The marketing season for sweet cherries in California is April 25 to June 15; for Montana it is July 20 to August 20; and for all other states it is from June to July. The marketing season for tart cherries in all states is from June 25 to August 15 (NASS, 2015).
Cherries are consumed in a variety of ways, including fresh, frozen and canned, or as juice, wine, brined or dried. From 2012-2014, an average of 76 percent of sweet cherries produced were destined for the fresh market, with the remaining 24 percent used for processing.
With regard to tart cherries, 99 percent of production is used for processing (NASS, 2015).
U-pick operations are one way to add value when marketing fresh cherries. The direct farm to customer interaction builds relationships often leading to a higher percentage of repeat customers (University of Tennessee – Extension, 2014). Smaller farms (2 acres or less) are capable of selling their entire harvest through direct farm to customer marketing avenues (U-pick, farm stands, farmers’ markets). However, larger farms will need to utilize more than one avenue for sales, including wholesale (Pacific Northwest Extension, 2013).
Cherries sold through wholesale avenues whether destined for the fresh market or processed will go through a packinghouse (unless the grower has their own processing facility). Cherries are very delicate, especially tart cherries, and can be damaged during shipping. Before establishing a cherry orchard, it is best to know the locations of the nearest packinghouses and if they’re accepting new business. Packinghouse field personnel can also offer advice on the quality of fruit they require. Working with a reputable packinghouse close to your farm, and producing the quality they’re looking for are ways to add value to the price received for your fruit (Pacific Northwest Extension, 2013).
United States sweet cherry production in 2014 totaled 363,850 tons valued at 767 million. Washington led the nation in sweet cherry production, with 237,000 tons, followed by Oregon (57,900 tons) and California (29,200 tons) (NASS, 2015).
United States tart cherry production in 2014 totaled 300.9 million pounds valued at more than $106 million. The primary tart cherry producing state was Michigan having 203 million pounds of production, followed by Utah (51 million pounds) and Washington (24.3 million pounds) (NASS, 2015).
The United States is the second-largest producer of cherries in the world. Turkey is the leading cherry producer (FAOSTAT, 2013).
In 2014, sweet cherry prices averaged $2,140 per ton, down 22 percent from 2013, and up 6 percent from 2012. Tart cherry prices averaged $710 per ton, relatively the same price as 2013, but down 67 percent from 2012 (NASS, 2015).
Exports/Imports/United States Consumption
In 2014, United States cherry exports, sweet and tart varieties combined, were valued at $536.84 million. Fresh cherry exports accounted for $471.4 million, and processed exported cherries accounted for $65.4 million (ERS, 2015).
Regarding reported United States export and import destinations by value, data is only shown for fresh sweet cherries and dried cherries. Canada was the largest market for U.S. fresh sweet cherry exports, valued at $119.2 million, followed by South Korea, valued at $111.9 million. Germany was the largest market for U.S. dried cherry exports, valued at $1.5 million (ERS, 2015).
United States cherry imports, sweet and tart varieties combined, were valued at almost 151.5 million. Fresh cherry imports accounted for nearly $64.7 million, and processed exported cherries accounted for nearly $86.8 million (ERS, 2015). Chile was the main supplier of fresh sweet cherries, valued at $44 million, and Turkey was the main supplier of dried cherries, valued at $1 million (ERS, 2015).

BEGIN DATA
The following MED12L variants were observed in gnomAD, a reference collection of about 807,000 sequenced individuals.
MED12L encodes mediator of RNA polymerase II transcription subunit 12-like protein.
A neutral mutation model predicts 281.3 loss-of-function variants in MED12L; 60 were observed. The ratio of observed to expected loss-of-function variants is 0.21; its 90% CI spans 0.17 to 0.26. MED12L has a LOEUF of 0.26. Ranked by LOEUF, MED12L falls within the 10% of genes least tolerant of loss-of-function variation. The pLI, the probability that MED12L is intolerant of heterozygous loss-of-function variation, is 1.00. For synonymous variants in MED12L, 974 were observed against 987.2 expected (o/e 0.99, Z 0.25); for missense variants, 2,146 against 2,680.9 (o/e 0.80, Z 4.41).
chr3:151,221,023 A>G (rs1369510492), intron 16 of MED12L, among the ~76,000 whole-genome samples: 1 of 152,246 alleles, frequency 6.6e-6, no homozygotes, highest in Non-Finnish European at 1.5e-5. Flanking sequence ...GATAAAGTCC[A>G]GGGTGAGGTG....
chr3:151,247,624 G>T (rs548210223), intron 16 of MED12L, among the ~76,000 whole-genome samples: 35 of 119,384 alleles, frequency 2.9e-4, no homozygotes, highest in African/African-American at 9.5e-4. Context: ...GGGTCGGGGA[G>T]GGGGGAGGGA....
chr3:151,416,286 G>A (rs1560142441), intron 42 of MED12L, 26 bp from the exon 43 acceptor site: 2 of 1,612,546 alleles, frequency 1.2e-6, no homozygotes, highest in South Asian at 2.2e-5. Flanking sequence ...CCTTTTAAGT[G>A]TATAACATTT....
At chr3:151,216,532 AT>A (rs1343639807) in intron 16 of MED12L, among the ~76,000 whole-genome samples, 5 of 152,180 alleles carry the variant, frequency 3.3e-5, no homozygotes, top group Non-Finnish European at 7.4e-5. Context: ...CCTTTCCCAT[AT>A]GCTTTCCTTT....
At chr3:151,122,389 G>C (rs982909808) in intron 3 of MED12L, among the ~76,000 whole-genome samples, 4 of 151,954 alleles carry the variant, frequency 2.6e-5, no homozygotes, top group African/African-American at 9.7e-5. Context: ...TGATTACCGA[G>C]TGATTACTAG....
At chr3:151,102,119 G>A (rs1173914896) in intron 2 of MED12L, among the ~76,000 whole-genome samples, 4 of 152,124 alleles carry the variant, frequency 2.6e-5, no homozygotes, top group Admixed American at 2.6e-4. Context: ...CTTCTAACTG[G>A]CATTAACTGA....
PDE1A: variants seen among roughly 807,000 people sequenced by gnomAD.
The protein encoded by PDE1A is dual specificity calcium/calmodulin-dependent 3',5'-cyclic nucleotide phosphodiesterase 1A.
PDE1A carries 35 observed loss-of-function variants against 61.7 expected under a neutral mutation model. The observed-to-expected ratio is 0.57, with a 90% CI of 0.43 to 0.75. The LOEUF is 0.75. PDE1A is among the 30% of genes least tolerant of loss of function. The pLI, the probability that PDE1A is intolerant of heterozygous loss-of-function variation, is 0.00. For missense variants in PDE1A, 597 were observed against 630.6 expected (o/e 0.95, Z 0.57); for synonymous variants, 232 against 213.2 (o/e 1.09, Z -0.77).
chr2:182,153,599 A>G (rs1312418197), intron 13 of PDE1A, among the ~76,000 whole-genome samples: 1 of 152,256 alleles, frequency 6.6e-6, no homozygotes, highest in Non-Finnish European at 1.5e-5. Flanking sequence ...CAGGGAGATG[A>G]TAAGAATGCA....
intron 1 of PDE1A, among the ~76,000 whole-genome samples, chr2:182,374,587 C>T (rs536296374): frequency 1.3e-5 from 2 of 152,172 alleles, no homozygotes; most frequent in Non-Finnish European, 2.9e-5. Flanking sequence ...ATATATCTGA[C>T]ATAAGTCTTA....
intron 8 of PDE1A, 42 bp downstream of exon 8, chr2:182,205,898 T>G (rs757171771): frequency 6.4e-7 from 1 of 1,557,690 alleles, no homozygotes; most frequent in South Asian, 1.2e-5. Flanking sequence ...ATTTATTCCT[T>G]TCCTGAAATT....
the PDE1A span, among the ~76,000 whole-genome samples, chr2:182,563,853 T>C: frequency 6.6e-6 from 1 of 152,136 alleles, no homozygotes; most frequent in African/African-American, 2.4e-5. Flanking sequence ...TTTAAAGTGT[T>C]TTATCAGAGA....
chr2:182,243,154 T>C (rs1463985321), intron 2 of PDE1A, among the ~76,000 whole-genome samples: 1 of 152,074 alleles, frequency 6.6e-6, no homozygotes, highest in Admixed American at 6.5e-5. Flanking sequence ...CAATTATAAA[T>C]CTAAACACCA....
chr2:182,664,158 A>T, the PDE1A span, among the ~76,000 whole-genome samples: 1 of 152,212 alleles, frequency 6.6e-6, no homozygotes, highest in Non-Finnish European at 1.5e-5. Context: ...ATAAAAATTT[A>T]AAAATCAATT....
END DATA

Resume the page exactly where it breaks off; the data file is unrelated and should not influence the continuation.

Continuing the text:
Over the last few decades, total cherry consumption in the United States has remained relatively stable until recently. Peak consumption of cherries occurred in 2009 at 2.5 pounds per person, and a low of 1.2 pounds per person occurred in 2002. In 2013, per person consumption of all cherries was 1.6 pounds (ERS, 2014).
When establishing any orchard it is best to understand that the return on your investment can take years dependent on the crop. For sweet cherries it can take anywhere from 4-7 years before production, and for tart cherries 3-5 years. Creating a solid business plan and having the capital to pull through during the years of establishment are crucial (Stark Bro’s, n.d.) (Pacific Northwest Extension, 2013).
Cherry trees (both sweet and tart varieties) require 1000-1500 chilling hours between 35° F - 55°F to induce flowering. With colder temperatures sometimes come frosts, which is a huge concern for all growers including cherry producers. Fruit cracking is another concern regarding cherry production. Fruit cracking can happen if precipitation, heavy fog, or dew occurs just before harvest. Due to earlier flowering time and fruit production, sweet cherries are more prone to cracking than tart cherries. Fruit cracking destroys the aesthetic value of the fruit, and makes the fruit vulnerable to rotting. Prior to establishing a cherry orchard one should thoroughly evaluate the weather patterns of the desired site. Major concerns for cherry producers are spring frosts and precipitation events just before harvest. Unfortunately not all weather events are predictable, thus there are always risks involved (Pacific Northwest Extension, 2013) (Virginia Polytechnic State University – Cooperative Extension, 2014).
The most necessary aspect for cherry fruit production is proper pollination. Commercial varieties of tart cherries are considered self-pollinating; therefore planting them with another variety is not necessary. Sweet cherries, however, are not self-pollinating and thus need to be planted with compatible varieties for pollination to occur (Virginia Polytechnic State University – Cooperative Extension, 2014).